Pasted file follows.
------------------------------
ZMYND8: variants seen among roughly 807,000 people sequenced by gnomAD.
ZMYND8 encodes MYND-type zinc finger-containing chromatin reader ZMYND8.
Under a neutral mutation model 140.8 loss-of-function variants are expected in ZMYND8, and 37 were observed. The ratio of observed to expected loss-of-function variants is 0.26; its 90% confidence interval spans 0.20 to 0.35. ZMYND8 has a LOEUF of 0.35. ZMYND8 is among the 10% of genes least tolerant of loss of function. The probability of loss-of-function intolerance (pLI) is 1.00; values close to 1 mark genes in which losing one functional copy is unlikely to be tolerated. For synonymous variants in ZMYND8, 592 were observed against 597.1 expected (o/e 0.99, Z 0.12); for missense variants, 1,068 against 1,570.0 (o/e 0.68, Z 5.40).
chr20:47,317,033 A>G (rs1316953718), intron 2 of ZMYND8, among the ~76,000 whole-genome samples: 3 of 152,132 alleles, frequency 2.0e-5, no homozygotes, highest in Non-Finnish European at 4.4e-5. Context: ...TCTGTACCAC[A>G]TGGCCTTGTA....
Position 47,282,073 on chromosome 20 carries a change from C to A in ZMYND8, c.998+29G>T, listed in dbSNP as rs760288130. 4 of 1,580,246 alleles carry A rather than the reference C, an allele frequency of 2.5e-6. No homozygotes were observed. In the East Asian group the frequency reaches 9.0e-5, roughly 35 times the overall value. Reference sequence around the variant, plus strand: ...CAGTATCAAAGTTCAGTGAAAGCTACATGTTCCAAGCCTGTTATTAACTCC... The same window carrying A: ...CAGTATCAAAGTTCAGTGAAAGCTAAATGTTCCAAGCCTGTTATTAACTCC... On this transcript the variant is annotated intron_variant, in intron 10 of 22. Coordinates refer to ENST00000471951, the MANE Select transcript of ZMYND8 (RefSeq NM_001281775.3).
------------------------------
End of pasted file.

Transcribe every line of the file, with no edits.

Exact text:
ZMYND8: variants seen among roughly 807,000 people sequenced by gnomAD.
ZMYND8 encodes MYND-type zinc finger-containing chromatin reader ZMYND8.
Under a neutral mutation model 140.8 loss-of-function variants are expected in ZMYND8, and 37 were observed. The ratio of observed to expected loss-of-function variants is 0.26; its 90% confidence interval spans 0.20 to 0.35. ZMYND8 has a LOEUF of 0.35. ZMYND8 is among the 10% of genes least tolerant of loss of function. The probability of loss-of-function intolerance (pLI) is 1.00; values close to 1 mark genes in which losing one functional copy is unlikely to be tolerated. For synonymous variants in ZMYND8, 592 were observed against 597.1 expected (o/e 0.99, Z 0.12); for missense variants, 1,068 against 1,570.0 (o/e 0.68, Z 5.40).
chr20:47,317,033 A>G (rs1316953718), intron 2 of ZMYND8, among the ~76,000 whole-genome samples: 3 of 152,132 alleles, frequency 2.0e-5, no homozygotes, highest in Non-Finnish European at 4.4e-5. Context: ...TCTGTACCAC[A>G]TGGCCTTGTA....
Position 47,282,073 on chromosome 20 carries a change from C to A in ZMYND8, c.998+29G>T, listed in dbSNP as rs760288130. 4 of 1,580,246 alleles carry A rather than the reference C, an allele frequency of 2.5e-6. No homozygotes were observed. In the East Asian group the frequency reaches 9.0e-5, roughly 35 times the overall value. Reference sequence around the variant, plus strand: ...CAGTATCAAAGTTCAGTGAAAGCTACATGTTCCAAGCCTGTTATTAACTCC... The same window carrying A: ...CAGTATCAAAGTTCAGTGAAAGCTAAATGTTCCAAGCCTGTTATTAACTCC... On this transcript the variant is annotated intron_variant, in intron 10 of 22. Coordinates refer to ENST00000471951, the MANE Select transcript of ZMYND8 (RefSeq NM_001281775.3).